Somika, Somikā: 2 definitions

Introduction

Somika means something in Hinduism, Sanskrit. If you want to know the exact meaning, history, etymology or English translation of this term then check out the descriptions on this page. Add your comment or reference to a book if you want to contribute to this summary article.

In Hinduism

Kavya (poetry)

Source: Wisdom Library: Kathāsaritsāgara

Somikā (सोमिका) is the name of a bird (śārikā) , as mentioned in the third story of the Vetālapañcaviṃśati in the Kathāsaritsāgara, chapter 77. Accordingly, “... that princess [Candraprabhā] also possessed a similar hen-maina, of the name of Somikā, remarkable for knowledge and discernment. And the two, the parrot [Vidagdhacūḍāmaṇi] and the maina, remained there in the same cage, assisting with their discernment their master and mistress.”.

The story of Somikā is mentioned in the Vetālapañcaviṃśati (twenty-five tales of a vetāla) which is embedded in the twelfth book of the Kathāsaritsāgara (‘ocean of streams of story’). The main book is a famous Sanskrit epic detailing the exploits of prince Naravāhanadatta in his quest to become the emperor of the vidyādharas (celestial beings). The Kathā-sarit-sāgara is is explained to be an adaptation of Guṇāḍhya’s Bṛhatkathā which consisted of 100,000 verses and in turn forms part of an even larger work containing 700,000 verses.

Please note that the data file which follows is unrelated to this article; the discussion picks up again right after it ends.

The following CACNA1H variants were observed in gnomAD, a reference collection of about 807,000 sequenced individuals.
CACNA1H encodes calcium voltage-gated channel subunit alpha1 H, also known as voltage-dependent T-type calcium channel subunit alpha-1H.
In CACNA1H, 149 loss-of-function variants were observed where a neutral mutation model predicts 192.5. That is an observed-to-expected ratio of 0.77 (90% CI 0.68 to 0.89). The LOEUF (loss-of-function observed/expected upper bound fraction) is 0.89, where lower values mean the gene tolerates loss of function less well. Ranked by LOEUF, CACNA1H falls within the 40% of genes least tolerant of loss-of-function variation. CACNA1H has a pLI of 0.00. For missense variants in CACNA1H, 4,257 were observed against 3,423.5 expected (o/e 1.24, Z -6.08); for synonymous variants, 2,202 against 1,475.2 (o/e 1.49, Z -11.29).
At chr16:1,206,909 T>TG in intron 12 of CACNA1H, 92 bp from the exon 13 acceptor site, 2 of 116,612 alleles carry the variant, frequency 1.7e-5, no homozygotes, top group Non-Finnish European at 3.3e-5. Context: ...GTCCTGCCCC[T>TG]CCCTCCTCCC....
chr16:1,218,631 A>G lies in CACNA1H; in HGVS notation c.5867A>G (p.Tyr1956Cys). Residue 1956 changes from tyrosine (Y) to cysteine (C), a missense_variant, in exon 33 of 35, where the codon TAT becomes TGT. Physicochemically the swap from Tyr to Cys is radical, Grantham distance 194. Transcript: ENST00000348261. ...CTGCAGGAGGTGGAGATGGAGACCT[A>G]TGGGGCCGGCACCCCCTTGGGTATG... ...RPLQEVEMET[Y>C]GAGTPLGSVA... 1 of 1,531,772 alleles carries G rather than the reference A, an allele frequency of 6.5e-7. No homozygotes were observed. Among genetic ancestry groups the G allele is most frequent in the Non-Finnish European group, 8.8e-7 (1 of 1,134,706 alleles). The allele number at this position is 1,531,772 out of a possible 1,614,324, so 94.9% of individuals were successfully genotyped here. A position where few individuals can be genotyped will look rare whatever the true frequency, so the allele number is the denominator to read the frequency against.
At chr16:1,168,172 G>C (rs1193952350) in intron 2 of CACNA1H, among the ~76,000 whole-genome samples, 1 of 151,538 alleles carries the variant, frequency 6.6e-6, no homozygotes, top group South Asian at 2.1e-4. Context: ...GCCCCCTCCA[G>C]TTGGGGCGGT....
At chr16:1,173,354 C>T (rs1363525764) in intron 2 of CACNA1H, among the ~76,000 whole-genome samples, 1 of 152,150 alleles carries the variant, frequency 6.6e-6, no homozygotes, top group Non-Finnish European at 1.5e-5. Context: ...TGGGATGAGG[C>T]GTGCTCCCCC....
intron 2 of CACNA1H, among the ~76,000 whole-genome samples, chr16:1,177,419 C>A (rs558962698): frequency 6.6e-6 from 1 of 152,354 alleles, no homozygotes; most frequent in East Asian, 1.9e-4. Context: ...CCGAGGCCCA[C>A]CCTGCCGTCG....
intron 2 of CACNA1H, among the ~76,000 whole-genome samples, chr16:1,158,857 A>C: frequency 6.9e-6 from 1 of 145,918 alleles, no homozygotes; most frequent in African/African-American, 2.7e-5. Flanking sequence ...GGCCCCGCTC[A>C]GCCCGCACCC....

context information

Kavya (काव्य, kavya) refers to Sanskrit poetry, a popular ancient Indian tradition of literature. There have been many Sanskrit poets over the ages, hailing from ancient India and beyond. This topic includes mahakavya, or ‘epic poetry’ and natya, or ‘dramatic poetry’.

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Languages of India and abroad

Sanskrit-English dictionary

Source: Cologne Digital Sanskrit Dictionaries: Monier-Williams Sanskrit-English Dictionary

Somikā (सोमिका):—[from somaka > soma] f. Name of a bird, [Kathāsaritsāgara]

context information

Sanskrit, also spelled संस्कृतम् (saṃskṛtam), is an ancient language of India commonly seen as the grandmother of the Indo-European language family. Closely allied with Prakrit and Pali, Sanskrit is more exhaustive in both grammar and terms and has the most extensive collection of literature in the world, greatly surpassing its sister-languages Greek and Latin.

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See also (Relevant definitions)

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